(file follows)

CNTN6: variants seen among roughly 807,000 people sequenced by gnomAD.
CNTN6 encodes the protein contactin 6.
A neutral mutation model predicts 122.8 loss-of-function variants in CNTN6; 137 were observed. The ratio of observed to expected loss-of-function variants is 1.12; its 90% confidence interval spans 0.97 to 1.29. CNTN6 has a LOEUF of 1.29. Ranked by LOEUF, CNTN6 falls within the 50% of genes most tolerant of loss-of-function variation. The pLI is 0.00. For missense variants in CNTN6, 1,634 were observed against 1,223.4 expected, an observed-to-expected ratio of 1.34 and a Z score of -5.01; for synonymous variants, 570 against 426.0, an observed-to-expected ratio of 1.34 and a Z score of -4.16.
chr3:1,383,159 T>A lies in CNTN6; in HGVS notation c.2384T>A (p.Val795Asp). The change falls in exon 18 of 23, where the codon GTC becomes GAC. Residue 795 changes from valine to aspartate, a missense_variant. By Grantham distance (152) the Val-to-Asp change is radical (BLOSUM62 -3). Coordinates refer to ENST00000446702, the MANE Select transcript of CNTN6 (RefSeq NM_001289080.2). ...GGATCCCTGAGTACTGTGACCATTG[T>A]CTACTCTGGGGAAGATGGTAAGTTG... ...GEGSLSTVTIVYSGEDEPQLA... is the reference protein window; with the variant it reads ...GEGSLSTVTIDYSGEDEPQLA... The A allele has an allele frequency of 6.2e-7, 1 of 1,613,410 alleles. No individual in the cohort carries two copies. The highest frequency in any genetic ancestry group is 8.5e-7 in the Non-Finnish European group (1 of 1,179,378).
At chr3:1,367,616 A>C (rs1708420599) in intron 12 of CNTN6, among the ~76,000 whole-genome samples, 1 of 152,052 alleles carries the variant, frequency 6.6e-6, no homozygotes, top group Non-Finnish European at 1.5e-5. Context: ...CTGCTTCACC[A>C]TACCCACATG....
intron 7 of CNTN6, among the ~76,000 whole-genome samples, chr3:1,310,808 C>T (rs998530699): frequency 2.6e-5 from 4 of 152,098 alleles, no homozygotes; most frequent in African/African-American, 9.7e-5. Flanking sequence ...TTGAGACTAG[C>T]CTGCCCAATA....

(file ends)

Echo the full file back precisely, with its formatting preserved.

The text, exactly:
CNTN6: variants seen among roughly 807,000 people sequenced by gnomAD.
CNTN6 encodes the protein contactin 6.
A neutral mutation model predicts 122.8 loss-of-function variants in CNTN6; 137 were observed. The ratio of observed to expected loss-of-function variants is 1.12; its 90% confidence interval spans 0.97 to 1.29. CNTN6 has a LOEUF of 1.29. Ranked by LOEUF, CNTN6 falls within the 50% of genes most tolerant of loss-of-function variation. The pLI is 0.00. For missense variants in CNTN6, 1,634 were observed against 1,223.4 expected, an observed-to-expected ratio of 1.34 and a Z score of -5.01; for synonymous variants, 570 against 426.0, an observed-to-expected ratio of 1.34 and a Z score of -4.16.
chr3:1,383,159 T>A lies in CNTN6; in HGVS notation c.2384T>A (p.Val795Asp). The change falls in exon 18 of 23, where the codon GTC becomes GAC. Residue 795 changes from valine to aspartate, a missense_variant. By Grantham distance (152) the Val-to-Asp change is radical (BLOSUM62 -3). Coordinates refer to ENST00000446702, the MANE Select transcript of CNTN6 (RefSeq NM_001289080.2). ...GGATCCCTGAGTACTGTGACCATTG[T>A]CTACTCTGGGGAAGATGGTAAGTTG... ...GEGSLSTVTIVYSGEDEPQLA... is the reference protein window; with the variant it reads ...GEGSLSTVTIDYSGEDEPQLA... The A allele has an allele frequency of 6.2e-7, 1 of 1,613,410 alleles. No individual in the cohort carries two copies. The highest frequency in any genetic ancestry group is 8.5e-7 in the Non-Finnish European group (1 of 1,179,378).
At chr3:1,367,616 A>C (rs1708420599) in intron 12 of CNTN6, among the ~76,000 whole-genome samples, 1 of 152,052 alleles carries the variant, frequency 6.6e-6, no homozygotes, top group Non-Finnish European at 1.5e-5. Context: ...CTGCTTCACC[A>C]TACCCACATG....
intron 7 of CNTN6, among the ~76,000 whole-genome samples, chr3:1,310,808 C>T (rs998530699): frequency 2.6e-5 from 4 of 152,098 alleles, no homozygotes; most frequent in African/African-American, 9.7e-5. Flanking sequence ...TTGAGACTAG[C>T]CTGCCCAATA....